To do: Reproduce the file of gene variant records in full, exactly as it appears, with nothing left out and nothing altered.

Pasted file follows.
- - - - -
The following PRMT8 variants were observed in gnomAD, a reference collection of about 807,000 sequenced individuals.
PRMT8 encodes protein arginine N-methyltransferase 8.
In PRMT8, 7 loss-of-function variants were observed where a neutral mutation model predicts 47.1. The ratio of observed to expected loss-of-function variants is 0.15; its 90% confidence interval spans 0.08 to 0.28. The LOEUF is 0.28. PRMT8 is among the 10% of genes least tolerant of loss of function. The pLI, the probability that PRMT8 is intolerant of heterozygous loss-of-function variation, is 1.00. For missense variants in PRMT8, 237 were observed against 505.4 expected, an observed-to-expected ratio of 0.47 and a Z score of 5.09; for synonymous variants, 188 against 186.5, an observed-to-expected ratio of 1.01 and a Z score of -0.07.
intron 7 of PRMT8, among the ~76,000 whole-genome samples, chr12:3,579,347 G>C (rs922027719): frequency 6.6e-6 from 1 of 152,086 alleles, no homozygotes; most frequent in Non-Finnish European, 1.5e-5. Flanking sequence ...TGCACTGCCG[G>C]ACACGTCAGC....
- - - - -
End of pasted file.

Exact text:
The following PRMT8 variants were observed in gnomAD, a reference collection of about 807,000 sequenced individuals.
PRMT8 encodes protein arginine N-methyltransferase 8.
In PRMT8, 7 loss-of-function variants were observed where a neutral mutation model predicts 47.1. The ratio of observed to expected loss-of-function variants is 0.15; its 90% confidence interval spans 0.08 to 0.28. The LOEUF is 0.28. PRMT8 is among the 10% of genes least tolerant of loss of function. The pLI, the probability that PRMT8 is intolerant of heterozygous loss-of-function variation, is 1.00. For missense variants in PRMT8, 237 were observed against 505.4 expected, an observed-to-expected ratio of 0.47 and a Z score of 5.09; for synonymous variants, 188 against 186.5, an observed-to-expected ratio of 1.01 and a Z score of -0.07.
intron 7 of PRMT8, among the ~76,000 whole-genome samples, chr12:3,579,347 G>C (rs922027719): frequency 6.6e-6 from 1 of 152,086 alleles, no homozygotes; most frequent in Non-Finnish European, 1.5e-5. Flanking sequence ...TGCACTGCCG[G>C]ACACGTCAGC....